| root             |                                           | auth_socket           | localhost |
| mysql.session    | *THISISNOTAVALIDPASSWORDTHATCANBEUSEDHERE | mysql_native_password | localhost |
| mysql.sys        | *THISISNOTAVALIDPASSWORDTHATCANBEUSEDHERE | mysql_native_password | localhost |
| debian-sys-maint | *CC744277A401A7D25BE1CA89AFF17BF607F876FF | mysql_native_password | localhost |
+------------------+-------------------------------------------+-----------------------+-----------+
4 rows in set (0.00 sec)

In the output, you can see that the root user does authenticate using the auth_socket plugin. If you wish to authenticate using a password, you just have to enter the following ALTER USER command. Again (can’t say it enough times) remember that it should be a strong password.

ALTER USER 'root'@'localhost' IDENTIFIED WITH mysql_native_password BY 'your_strong_password_here';

When you are done hit ENTER and enter the following command to flush the privileges. This will reload the server grant tables and then use the authentication settings you just made.

FLUSH PRIVILEGES;

Again, we can check the authentication for each user in the database system. The reason doing this is that we would like to confirm that the root user no longer authenticate using the auth_socket plugin:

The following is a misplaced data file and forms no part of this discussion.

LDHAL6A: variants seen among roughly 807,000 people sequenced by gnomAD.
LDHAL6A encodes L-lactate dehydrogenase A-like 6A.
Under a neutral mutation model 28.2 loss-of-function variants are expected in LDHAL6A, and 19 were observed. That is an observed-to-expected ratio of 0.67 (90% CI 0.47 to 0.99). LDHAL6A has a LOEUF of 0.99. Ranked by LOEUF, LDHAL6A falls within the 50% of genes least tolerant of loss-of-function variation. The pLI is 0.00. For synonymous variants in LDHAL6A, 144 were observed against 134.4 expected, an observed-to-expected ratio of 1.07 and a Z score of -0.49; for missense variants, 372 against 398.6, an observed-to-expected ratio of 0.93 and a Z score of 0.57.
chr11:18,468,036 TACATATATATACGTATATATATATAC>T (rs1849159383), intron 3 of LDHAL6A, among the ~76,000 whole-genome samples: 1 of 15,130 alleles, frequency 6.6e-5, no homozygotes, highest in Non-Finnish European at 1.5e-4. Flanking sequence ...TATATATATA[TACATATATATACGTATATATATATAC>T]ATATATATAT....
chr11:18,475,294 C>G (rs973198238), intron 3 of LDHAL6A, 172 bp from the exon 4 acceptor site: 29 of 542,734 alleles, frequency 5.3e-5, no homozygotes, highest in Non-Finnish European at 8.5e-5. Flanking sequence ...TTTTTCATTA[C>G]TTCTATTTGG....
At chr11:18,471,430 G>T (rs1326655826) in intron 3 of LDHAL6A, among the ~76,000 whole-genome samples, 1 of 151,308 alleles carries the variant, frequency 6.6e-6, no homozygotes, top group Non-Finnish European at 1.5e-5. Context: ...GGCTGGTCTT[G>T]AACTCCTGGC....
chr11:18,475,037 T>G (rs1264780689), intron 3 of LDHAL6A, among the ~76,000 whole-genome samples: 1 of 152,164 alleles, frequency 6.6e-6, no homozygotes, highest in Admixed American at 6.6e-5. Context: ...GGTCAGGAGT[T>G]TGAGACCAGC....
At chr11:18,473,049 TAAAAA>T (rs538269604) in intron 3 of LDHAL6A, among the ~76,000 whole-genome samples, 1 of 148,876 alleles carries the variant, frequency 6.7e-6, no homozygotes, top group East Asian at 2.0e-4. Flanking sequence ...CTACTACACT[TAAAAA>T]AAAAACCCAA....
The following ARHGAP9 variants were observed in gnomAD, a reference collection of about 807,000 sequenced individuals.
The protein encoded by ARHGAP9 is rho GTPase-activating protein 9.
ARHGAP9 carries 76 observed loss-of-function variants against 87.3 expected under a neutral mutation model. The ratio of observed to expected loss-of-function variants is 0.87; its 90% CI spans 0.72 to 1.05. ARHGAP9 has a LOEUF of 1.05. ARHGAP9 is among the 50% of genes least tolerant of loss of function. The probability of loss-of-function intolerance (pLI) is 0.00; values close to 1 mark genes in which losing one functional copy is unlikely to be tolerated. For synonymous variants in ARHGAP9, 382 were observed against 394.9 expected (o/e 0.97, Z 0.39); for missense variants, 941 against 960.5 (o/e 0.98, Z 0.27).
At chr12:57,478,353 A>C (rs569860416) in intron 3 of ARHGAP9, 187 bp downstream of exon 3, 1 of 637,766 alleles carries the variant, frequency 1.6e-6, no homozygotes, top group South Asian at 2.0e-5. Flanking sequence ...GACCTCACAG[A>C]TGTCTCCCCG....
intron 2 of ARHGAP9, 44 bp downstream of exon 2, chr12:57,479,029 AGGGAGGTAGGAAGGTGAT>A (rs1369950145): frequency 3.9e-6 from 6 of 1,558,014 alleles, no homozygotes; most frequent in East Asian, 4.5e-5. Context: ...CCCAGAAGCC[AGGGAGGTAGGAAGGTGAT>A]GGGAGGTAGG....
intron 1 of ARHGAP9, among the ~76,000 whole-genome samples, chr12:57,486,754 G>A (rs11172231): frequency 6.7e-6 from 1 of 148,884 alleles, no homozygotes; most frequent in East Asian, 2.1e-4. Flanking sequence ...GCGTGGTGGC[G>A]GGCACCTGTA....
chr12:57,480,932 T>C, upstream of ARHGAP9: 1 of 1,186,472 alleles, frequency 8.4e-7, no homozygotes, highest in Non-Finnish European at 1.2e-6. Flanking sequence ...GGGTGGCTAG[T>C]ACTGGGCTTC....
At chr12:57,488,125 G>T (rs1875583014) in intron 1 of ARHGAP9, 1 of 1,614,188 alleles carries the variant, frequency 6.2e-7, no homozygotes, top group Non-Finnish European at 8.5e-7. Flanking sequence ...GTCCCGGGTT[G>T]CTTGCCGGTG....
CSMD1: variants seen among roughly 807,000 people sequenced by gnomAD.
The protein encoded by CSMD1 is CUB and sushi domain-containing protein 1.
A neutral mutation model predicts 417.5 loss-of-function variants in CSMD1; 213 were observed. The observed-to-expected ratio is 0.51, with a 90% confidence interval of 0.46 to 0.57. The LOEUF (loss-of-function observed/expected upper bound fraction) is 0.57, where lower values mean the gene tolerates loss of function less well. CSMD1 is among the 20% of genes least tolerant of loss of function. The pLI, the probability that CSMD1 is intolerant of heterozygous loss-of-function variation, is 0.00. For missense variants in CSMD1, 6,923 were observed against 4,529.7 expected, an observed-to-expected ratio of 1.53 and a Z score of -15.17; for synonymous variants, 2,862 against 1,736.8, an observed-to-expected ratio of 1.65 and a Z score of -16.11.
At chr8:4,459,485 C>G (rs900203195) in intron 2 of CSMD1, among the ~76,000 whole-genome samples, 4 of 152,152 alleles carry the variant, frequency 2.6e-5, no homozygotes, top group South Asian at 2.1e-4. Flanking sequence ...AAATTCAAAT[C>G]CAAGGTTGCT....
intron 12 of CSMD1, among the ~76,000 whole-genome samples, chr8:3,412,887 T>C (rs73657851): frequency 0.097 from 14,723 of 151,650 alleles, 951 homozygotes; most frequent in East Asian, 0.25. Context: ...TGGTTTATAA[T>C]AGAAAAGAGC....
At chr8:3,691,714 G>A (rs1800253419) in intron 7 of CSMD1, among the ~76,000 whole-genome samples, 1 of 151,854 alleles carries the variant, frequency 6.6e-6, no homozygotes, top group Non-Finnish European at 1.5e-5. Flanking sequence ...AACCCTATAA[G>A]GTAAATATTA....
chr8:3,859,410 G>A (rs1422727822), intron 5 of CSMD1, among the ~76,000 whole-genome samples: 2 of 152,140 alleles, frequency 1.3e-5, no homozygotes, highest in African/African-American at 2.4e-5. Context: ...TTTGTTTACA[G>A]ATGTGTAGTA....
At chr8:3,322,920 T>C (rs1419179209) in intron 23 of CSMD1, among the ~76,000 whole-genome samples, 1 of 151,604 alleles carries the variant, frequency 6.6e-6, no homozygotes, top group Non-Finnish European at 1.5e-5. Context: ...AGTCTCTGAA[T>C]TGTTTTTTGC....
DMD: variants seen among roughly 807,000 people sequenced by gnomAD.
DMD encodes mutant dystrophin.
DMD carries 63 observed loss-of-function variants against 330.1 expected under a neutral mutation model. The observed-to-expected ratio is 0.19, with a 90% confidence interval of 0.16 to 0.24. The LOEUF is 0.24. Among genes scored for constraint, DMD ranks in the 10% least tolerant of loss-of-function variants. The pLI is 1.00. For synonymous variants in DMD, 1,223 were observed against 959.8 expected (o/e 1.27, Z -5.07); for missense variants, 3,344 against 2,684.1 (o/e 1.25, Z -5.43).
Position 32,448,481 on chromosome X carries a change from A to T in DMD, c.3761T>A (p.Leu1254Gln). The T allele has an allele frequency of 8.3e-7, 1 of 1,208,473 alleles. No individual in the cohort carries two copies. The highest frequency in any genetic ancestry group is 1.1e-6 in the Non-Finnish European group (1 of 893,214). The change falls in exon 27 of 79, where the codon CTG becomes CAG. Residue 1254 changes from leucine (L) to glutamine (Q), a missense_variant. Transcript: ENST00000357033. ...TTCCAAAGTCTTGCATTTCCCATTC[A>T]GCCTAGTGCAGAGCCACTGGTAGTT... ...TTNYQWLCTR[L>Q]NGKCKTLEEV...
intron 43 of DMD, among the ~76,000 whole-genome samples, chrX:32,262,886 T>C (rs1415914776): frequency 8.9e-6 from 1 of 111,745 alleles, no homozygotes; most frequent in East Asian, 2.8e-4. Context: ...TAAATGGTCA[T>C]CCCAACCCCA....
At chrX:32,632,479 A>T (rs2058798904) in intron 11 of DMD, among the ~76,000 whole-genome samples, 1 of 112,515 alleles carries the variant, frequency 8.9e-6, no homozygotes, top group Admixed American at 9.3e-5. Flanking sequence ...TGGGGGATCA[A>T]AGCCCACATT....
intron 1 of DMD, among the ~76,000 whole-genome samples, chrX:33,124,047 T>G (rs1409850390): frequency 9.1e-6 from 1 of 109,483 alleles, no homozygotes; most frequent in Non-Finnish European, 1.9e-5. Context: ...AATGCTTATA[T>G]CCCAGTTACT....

SELECT user,authentication_string,plugin,host FROM mysql.user;
Output+------------------+-------------------------------------------+-----------------------+-----------+
| user             | authentication_string                     | plugin                | host      |
+------------------+-------------------------------------------+-----------------------+-----------+
| root             | *3636DACC8616D997782ADD0839F92C1571D6D78F | mysql_native_password | localhost |
| mysql.session    | *THISISNOTAVALIDPASSWORDTHATCANBEUSEDHERE | mysql_native_password | localhost |
| mysql.sys        | *THISISNOTAVALIDPASSWORDTHATCANBEUSEDHERE | mysql_native_password | localhost |
| debian-sys-maint | *CC744277A401A7D25BE1CA89AFF17BF607F876FF | mysql_native_password | localhost |
+------------------+-------------------------------------------+-----------------------+-----------+
4 rows in set (0.00 sec)

As you can see in my example above, the root MySQL user not authenticates using a native password. Okay, the MySQL system is now configured and ready to use! Let’s exit out of that:

exit

Now we got a running web server and a database system. Let’s move on and install PHP, which is the final component before we can say the server is a LAMP server.

Step 3 — Installing PHP on The Server

In order to handle, process and display dynamic content on our website, we need PHP. PHP is capable of running scripts, connecting to our MySQL database for storing / retrieving data and handing over rendered HTML webpages that our server can display to the visitor.